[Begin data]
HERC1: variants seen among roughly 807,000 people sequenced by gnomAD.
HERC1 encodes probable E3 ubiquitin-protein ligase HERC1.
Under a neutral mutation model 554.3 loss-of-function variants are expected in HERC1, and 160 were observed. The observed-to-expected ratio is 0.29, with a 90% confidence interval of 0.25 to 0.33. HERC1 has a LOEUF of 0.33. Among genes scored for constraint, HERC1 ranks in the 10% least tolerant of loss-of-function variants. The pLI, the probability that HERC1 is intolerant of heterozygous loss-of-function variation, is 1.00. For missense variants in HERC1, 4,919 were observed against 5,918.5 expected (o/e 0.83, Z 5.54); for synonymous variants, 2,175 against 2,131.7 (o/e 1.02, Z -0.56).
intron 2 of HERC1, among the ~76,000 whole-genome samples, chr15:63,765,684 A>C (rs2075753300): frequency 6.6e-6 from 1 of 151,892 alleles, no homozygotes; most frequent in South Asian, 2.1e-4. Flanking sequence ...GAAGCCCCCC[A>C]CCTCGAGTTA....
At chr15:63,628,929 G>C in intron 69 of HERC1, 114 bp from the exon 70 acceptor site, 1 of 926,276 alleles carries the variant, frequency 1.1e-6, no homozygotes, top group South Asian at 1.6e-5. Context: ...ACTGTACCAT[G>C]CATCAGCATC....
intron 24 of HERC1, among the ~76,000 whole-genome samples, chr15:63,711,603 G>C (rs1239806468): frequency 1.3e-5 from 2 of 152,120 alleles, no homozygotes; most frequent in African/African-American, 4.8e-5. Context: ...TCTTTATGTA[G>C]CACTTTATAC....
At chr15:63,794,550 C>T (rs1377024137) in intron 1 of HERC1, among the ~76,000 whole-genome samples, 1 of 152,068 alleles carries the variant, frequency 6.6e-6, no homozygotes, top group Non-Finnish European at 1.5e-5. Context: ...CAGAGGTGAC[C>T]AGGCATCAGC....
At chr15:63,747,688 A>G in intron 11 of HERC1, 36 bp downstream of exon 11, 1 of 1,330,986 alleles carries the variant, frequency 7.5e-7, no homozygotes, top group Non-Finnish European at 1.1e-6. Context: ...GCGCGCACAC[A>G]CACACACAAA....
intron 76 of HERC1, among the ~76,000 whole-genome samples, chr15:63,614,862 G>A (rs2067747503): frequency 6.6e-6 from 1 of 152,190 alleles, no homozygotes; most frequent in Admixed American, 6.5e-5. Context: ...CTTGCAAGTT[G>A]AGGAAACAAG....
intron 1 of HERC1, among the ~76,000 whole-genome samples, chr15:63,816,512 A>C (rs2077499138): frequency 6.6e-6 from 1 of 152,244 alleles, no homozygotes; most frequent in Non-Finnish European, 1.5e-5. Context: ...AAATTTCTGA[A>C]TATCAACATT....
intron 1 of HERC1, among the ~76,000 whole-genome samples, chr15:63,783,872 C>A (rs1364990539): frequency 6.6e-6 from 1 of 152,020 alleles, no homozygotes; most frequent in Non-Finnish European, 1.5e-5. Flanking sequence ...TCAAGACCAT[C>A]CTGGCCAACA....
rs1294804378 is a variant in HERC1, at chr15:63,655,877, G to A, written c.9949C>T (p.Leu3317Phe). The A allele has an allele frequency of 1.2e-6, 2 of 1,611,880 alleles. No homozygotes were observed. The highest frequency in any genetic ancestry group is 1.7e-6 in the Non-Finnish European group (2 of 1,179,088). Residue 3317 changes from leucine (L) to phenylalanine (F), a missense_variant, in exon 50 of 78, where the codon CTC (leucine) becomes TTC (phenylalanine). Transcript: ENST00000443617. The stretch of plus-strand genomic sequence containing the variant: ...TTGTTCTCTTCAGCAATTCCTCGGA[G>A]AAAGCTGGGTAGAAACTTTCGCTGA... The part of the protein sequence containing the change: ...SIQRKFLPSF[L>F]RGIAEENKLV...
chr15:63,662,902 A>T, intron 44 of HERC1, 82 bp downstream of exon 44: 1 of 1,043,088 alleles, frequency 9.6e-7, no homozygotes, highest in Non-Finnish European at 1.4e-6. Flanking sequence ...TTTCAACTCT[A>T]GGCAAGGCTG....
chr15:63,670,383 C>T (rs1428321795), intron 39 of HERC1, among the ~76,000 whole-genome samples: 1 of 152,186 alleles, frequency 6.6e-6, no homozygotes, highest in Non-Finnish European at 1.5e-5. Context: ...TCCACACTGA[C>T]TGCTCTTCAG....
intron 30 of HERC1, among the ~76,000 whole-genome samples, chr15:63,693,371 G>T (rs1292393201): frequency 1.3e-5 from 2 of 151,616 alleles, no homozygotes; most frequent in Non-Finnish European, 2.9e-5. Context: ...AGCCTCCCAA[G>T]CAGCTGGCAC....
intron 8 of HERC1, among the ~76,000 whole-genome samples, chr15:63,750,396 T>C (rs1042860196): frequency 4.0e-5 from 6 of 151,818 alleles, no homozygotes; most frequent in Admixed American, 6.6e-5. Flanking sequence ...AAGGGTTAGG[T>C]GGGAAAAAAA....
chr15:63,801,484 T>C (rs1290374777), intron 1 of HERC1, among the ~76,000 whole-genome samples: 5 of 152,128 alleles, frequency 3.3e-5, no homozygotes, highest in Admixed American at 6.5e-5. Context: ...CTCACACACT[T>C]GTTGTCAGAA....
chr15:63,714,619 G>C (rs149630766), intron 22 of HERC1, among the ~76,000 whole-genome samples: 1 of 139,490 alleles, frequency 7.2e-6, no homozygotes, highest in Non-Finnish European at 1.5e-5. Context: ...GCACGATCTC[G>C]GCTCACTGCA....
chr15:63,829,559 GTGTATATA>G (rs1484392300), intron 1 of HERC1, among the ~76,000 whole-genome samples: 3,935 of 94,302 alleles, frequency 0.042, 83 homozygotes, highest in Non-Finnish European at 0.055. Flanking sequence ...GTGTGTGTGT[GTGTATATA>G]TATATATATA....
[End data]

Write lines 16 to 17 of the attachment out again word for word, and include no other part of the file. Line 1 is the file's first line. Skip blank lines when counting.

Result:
intron 8 of HERC1, among the ~76,000 whole-genome samples, chr15:63,750,396 T>C (rs1042860196): frequency 4.0e-5 from 6 of 151,818 alleles, no homozygotes; most frequent in Admixed American, 6.6e-5. Flanking sequence ...AAGGGTTAGG[T>C]GGGAAAAAAA....
chr15:63,801,484 T>C (rs1290374777), intron 1 of HERC1, among the ~76,000 whole-genome samples: 5 of 152,128 alleles, frequency 3.3e-5, no homozygotes, highest in Admixed American at 6.5e-5. Context: ...CTCACACACT[T>C]GTTGTCAGAA....